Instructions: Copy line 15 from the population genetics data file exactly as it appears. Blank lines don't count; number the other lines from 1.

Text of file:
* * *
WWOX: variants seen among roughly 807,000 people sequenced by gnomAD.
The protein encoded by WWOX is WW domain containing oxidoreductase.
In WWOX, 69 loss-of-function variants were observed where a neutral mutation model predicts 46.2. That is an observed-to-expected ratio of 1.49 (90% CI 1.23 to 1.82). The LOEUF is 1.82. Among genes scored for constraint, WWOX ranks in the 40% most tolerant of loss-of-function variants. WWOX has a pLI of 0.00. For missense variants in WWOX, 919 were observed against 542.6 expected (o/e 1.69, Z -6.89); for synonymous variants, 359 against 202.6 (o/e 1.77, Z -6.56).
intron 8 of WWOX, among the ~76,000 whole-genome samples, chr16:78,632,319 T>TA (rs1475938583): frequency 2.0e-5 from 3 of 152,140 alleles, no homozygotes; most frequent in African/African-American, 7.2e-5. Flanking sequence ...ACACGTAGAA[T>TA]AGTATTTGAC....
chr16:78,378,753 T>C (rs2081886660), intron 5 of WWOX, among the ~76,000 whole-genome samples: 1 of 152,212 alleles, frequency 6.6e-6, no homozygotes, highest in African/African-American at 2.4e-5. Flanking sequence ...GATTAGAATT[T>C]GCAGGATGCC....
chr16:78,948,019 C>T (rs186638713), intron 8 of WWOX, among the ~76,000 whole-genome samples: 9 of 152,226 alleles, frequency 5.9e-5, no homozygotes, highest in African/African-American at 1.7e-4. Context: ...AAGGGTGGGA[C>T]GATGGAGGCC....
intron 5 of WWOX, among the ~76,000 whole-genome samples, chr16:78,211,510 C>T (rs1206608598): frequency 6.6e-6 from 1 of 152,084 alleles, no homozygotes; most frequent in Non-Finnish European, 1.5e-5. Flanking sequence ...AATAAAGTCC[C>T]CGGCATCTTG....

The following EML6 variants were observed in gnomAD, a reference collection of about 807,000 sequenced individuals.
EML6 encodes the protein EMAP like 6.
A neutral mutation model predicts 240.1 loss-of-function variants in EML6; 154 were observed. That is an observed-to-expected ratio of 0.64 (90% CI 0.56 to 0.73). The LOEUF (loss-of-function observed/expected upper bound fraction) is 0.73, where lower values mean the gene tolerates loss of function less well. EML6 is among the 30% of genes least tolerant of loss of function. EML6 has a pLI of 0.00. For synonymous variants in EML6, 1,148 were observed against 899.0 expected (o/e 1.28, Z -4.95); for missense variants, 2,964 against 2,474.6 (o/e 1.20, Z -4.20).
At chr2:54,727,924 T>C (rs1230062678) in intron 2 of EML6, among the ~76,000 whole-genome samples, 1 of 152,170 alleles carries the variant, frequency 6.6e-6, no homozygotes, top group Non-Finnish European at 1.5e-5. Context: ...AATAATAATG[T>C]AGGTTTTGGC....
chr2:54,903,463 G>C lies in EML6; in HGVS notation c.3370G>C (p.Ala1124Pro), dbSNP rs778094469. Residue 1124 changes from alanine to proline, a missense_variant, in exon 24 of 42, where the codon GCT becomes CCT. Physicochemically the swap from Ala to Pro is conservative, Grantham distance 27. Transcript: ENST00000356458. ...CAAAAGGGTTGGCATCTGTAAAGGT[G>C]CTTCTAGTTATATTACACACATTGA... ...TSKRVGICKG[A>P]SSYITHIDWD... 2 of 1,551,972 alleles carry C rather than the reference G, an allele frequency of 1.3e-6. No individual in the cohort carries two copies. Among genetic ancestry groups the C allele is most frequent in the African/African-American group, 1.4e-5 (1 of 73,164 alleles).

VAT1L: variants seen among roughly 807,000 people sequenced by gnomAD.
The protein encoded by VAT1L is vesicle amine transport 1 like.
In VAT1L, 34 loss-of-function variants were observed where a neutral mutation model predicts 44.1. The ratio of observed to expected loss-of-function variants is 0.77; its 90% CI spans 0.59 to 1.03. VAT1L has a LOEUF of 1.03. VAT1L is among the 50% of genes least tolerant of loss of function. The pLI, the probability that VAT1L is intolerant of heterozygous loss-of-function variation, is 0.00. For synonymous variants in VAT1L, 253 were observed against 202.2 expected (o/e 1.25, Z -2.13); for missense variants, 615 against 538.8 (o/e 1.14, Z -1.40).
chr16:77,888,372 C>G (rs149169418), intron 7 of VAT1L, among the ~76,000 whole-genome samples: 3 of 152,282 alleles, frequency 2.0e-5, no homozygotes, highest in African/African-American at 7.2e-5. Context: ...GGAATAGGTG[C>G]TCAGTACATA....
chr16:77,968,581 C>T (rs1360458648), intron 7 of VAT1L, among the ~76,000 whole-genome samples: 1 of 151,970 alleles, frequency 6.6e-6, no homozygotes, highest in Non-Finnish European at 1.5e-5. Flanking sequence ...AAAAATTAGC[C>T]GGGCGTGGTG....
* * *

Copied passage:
In VAT1L, 34 loss-of-function variants were observed where a neutral mutation model predicts 44.1. The ratio of observed to expected loss-of-function variants is 0.77; its 90% CI spans 0.59 to 1.03. VAT1L has a LOEUF of 1.03. VAT1L is among the 50% of genes least tolerant of loss of function. The pLI, the probability that VAT1L is intolerant of heterozygous loss-of-function variation, is 0.00. For synonymous variants in VAT1L, 253 were observed against 202.2 expected (o/e 1.25, Z -2.13); for missense variants, 615 against 538.8 (o/e 1.14, Z -1.40).